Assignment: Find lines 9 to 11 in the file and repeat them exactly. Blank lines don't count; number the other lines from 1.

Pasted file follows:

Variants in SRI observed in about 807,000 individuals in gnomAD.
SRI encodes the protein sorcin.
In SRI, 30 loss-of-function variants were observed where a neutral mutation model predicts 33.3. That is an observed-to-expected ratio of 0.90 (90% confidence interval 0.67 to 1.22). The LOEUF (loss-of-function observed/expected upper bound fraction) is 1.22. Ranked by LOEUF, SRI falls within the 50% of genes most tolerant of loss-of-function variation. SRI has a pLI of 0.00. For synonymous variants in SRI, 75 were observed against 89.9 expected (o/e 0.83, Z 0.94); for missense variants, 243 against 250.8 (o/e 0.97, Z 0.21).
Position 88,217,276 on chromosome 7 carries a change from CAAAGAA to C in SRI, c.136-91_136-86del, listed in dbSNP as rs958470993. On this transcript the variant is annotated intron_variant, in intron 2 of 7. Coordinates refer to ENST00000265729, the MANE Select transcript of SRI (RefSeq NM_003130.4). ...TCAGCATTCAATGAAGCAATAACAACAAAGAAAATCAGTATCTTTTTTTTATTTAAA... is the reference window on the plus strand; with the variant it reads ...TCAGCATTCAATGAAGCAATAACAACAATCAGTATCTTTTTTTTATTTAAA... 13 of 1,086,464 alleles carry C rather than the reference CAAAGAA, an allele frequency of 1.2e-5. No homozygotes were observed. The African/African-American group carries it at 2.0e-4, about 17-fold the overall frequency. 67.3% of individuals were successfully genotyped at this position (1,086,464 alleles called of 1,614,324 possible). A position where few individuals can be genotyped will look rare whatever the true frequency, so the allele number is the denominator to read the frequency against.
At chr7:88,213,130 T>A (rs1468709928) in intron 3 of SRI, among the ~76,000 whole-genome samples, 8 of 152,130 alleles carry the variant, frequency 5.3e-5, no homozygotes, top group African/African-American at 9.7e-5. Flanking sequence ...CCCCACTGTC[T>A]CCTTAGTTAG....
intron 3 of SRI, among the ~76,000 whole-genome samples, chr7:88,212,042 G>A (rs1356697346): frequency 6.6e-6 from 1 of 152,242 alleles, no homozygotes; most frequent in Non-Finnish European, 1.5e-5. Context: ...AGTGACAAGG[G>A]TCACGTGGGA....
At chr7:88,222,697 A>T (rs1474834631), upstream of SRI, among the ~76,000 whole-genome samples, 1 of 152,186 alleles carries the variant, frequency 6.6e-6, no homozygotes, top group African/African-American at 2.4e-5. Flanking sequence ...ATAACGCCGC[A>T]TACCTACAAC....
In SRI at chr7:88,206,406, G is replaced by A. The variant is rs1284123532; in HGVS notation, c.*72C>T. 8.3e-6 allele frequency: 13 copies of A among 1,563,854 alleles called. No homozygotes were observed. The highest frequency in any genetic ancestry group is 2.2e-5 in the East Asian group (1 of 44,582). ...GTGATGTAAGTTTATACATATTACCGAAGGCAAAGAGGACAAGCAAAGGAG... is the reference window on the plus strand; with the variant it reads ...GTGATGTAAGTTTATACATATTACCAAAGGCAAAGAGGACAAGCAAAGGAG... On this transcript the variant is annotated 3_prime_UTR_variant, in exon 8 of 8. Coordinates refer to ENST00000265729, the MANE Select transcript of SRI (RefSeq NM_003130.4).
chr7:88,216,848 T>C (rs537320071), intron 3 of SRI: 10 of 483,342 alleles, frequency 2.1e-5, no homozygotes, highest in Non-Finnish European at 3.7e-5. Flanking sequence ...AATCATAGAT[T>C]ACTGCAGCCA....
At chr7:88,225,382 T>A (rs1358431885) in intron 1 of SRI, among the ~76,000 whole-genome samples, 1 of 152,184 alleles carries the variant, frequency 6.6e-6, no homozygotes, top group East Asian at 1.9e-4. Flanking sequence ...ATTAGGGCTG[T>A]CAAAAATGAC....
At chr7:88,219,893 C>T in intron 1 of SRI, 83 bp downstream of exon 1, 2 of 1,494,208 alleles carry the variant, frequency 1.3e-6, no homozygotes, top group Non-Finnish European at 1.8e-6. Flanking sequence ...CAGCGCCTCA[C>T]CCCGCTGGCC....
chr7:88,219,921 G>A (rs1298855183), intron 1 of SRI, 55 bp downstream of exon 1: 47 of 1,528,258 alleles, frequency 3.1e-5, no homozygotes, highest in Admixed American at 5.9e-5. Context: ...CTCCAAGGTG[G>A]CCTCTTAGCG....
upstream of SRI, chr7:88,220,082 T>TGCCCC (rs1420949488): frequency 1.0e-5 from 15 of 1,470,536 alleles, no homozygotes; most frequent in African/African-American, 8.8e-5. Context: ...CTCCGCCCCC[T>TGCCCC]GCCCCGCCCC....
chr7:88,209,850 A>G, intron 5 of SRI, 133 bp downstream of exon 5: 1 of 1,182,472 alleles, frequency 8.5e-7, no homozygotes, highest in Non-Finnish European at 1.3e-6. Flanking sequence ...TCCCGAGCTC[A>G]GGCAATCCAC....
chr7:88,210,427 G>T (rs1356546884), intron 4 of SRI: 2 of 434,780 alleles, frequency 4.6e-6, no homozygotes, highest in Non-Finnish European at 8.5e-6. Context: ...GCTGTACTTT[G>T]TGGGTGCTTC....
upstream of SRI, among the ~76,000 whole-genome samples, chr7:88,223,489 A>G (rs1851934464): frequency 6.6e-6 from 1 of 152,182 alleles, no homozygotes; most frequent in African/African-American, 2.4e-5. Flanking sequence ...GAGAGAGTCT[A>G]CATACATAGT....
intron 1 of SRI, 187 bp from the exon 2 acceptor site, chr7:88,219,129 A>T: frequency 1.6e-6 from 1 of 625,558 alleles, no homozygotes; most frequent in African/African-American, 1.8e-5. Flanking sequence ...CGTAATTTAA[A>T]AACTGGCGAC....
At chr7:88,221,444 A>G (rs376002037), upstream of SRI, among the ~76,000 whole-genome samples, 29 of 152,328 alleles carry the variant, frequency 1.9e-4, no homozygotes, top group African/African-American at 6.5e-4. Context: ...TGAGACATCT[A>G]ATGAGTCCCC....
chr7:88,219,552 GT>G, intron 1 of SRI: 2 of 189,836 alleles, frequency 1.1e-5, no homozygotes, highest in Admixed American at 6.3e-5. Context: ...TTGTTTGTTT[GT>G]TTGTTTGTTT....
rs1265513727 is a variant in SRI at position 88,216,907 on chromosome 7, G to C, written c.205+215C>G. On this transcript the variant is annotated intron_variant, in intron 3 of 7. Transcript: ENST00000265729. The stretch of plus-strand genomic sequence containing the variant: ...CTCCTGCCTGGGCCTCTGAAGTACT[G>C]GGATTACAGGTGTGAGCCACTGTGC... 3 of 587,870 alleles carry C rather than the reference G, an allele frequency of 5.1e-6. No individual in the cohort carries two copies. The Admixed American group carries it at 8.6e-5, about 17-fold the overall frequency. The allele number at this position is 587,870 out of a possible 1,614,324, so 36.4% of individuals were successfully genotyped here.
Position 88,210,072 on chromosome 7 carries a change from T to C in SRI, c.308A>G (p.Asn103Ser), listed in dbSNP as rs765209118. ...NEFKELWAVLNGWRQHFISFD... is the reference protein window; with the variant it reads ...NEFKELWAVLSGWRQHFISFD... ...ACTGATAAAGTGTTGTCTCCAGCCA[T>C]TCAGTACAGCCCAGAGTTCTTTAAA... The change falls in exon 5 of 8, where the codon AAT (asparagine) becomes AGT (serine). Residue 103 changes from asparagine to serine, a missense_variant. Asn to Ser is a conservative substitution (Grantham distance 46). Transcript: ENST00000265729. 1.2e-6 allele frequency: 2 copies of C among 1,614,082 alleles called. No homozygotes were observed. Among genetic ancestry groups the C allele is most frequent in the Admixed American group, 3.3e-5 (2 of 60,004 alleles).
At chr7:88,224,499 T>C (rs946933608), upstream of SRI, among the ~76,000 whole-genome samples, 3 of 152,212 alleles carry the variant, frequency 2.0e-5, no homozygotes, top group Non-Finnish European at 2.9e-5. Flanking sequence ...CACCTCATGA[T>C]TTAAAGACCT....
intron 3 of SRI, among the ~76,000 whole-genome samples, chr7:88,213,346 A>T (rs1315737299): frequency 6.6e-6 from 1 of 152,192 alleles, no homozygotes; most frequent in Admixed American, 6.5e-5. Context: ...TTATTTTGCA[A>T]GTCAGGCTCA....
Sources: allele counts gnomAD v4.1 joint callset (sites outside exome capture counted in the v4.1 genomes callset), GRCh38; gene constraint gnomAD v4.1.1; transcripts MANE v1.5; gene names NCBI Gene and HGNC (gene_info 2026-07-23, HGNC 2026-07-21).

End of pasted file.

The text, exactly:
chr7:88,216,848 T>C (rs537320071), intron 3 of SRI: 10 of 483,342 alleles, frequency 2.1e-5, no homozygotes, highest in Non-Finnish European at 3.7e-5. Flanking sequence ...AATCATAGAT[T>C]ACTGCAGCCA....
At chr7:88,225,382 T>A (rs1358431885) in intron 1 of SRI, among the ~76,000 whole-genome samples, 1 of 152,184 alleles carries the variant, frequency 6.6e-6, no homozygotes, top group East Asian at 1.9e-4. Flanking sequence ...ATTAGGGCTG[T>A]CAAAAATGAC....
At chr7:88,219,893 C>T in intron 1 of SRI, 83 bp downstream of exon 1, 2 of 1,494,208 alleles carry the variant, frequency 1.3e-6, no homozygotes, top group Non-Finnish European at 1.8e-6. Flanking sequence ...CAGCGCCTCA[C>T]CCCGCTGGCC....